[0020] Still another embodiment provides a computer-readable medium containing a program which, when executed by a processor, performs an operation of preventing alterations of physical entities of data in a database when a query is executed against the database. The operation comprises providing a logical representation of the data defining a multiplicity of logical fields, each logical field abstractly describing an associated physical entity of the data; providing a lock object for each logical field of a plurality of logical fields forming a subset of the multiplicity of logical fields; receiving an abstract query from a requesting entity comprising at least one logical field of the multiplicity of logical fields; determining whether executing the abstract query against the database requires a lock on the at least one logical field; and if executing the abstract query against the database requires the lock on the at least one logical field: determining the lock object of the at least one logical field; and locking the lock object for the requesting entity for locking the at least one logical field before executing the abstract query.

[0021] Yet another embodiment provides a computer, comprising a database containing data; a data abstraction model defining a plurality of logical fields abstractly defining the data; a query building application for building abstract queries according to the data abstraction model; a runtime component configured to transform the abstract queries into concrete queries having a form consistent with the data; and a locking mechanism for selectively locking one or more logical fields of an abstract query to prevent alterations of the data while a concrete query, corresponding to the abstract query after being transformed, is executed against the database.

BRIEF DESCRIPTION OF THE DRAWINGS

[0022] So that the manner in which the above recited features, advantages and objects of the present invention are attained and can be understood in detail, a more particular description of the invention, briefly summarized above, may be had by reference to the embodiments thereof which are illustrated in the appended drawings.

[0023] It is to be noted, however, that the appended drawings illustrate only typical embodiments of this invention and are therefore not to be considered limiting of its scope, for the invention may admit to other equally effective embodiments.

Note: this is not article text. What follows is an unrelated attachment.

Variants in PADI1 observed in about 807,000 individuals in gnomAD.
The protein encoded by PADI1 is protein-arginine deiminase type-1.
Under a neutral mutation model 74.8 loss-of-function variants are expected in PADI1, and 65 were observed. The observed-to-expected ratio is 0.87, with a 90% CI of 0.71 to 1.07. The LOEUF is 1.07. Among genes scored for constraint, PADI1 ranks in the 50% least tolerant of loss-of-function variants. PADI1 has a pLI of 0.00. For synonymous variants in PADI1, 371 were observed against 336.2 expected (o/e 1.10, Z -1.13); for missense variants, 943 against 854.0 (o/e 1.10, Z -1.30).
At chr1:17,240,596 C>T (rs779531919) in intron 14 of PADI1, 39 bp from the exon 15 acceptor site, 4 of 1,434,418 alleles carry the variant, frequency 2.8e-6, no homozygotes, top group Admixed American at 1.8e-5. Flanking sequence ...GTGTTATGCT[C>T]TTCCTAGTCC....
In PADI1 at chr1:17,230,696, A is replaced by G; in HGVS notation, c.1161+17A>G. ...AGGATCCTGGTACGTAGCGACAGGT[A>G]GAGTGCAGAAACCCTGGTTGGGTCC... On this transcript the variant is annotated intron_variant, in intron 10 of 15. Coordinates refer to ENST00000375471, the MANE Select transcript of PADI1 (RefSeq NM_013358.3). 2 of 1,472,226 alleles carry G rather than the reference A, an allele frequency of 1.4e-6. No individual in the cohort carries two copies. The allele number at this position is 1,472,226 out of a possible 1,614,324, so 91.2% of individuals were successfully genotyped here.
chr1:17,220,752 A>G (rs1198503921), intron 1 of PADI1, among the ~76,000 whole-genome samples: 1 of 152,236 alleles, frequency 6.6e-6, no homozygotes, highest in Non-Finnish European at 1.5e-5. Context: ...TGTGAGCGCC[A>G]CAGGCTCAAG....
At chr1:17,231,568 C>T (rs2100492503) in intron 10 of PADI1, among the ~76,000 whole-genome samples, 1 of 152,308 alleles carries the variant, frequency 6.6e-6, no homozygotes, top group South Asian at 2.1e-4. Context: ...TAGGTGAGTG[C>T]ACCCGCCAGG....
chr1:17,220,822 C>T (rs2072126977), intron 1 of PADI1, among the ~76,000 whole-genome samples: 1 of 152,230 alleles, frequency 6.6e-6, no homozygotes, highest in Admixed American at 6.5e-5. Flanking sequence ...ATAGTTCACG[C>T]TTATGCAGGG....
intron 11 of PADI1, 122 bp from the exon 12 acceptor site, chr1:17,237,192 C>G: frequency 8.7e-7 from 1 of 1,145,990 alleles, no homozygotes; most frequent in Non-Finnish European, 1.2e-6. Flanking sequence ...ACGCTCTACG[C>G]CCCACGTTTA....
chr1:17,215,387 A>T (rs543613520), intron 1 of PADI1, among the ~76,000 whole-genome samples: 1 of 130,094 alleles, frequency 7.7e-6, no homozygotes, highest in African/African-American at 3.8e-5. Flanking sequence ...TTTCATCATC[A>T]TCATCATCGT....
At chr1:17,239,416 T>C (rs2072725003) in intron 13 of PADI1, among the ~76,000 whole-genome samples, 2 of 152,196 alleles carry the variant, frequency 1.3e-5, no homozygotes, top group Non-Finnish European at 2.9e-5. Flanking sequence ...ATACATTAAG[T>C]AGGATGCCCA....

[0024]FIG. 1 is one embodiment of a computer system utilized in accordance with the invention;

[0025]FIG. 2 is a relational view of software components of one embodiment of the invention;

[0026]FIG. 3 illustrates one embodiment in which multiple instances of a data repository abstraction component coexist in a single application space;

[0027]FIG. 4 illustrates an environment with plural data repository abstraction components;

[0028]FIG. 5 is a flow chart illustrating the operation of a runtime component;

[0029]FIG. 6 is a flow chart illustrating the operation of a runtime component;

[0030]FIG. 7 is a flow chart illustrating handling of a received abstract query;

[0031]FIG. 8 is a flow chart illustrating a locking process according to an embodiment of the invention; and

[0032]FIG. 9 is a flow chart illustrating an unlocking process.

DETAILED DESCRIPTION OF THE PREFERRED EMBODIMENTS INTRODUCTION

[0033] The present invention is generally directed to a system, method and article of manufacture for processing data in databases and more particularly for preventing alterations of data in a database when a query is executed against the database. In one embodiment, a data repository abstraction layer provides a logical view of the underlying data repository that is independent of the particular manner in which the data is physically represented. The data repository abstraction layer represents a data abstraction model that defines a plurality of logical fields abstractly defining the data. A query abstraction layer is also provided and is based on the data repository abstraction layer. The query abstraction layer includes a query building application for building abstract queries according to the data abstraction model. The query building application is implemented as a data query builder provided, e.g., as a single application that accesses the data repository abstraction as if it were a physical database. A runtime component representing a data query abstraction component performs translation of abstract queries into concrete queries having a form consistent with the data. A concrete query can be used against a particular physical data representation. The data query abstraction component services logical data access requests of the data query builder, without giving the data query builder the knowledge that the physical data representation exists, nor about the physical queries, i.e., the concrete queries resulting from the abstract queries. A lock management component implements a locking mechanism for selectively locking one or more logical fields of an abstract query to prevent alterations of the data while the concrete query, corresponding to the abstract query after being transformed, is executed against the database.

[0034] In one embodiment, the data repository abstraction layer includes multiple data repository abstraction components/instances which coexist (and, in some embodiments, cooperate) within a single application space. The provision of multiple instances of data repository abstractions allows different sets of data to be exposed to different users.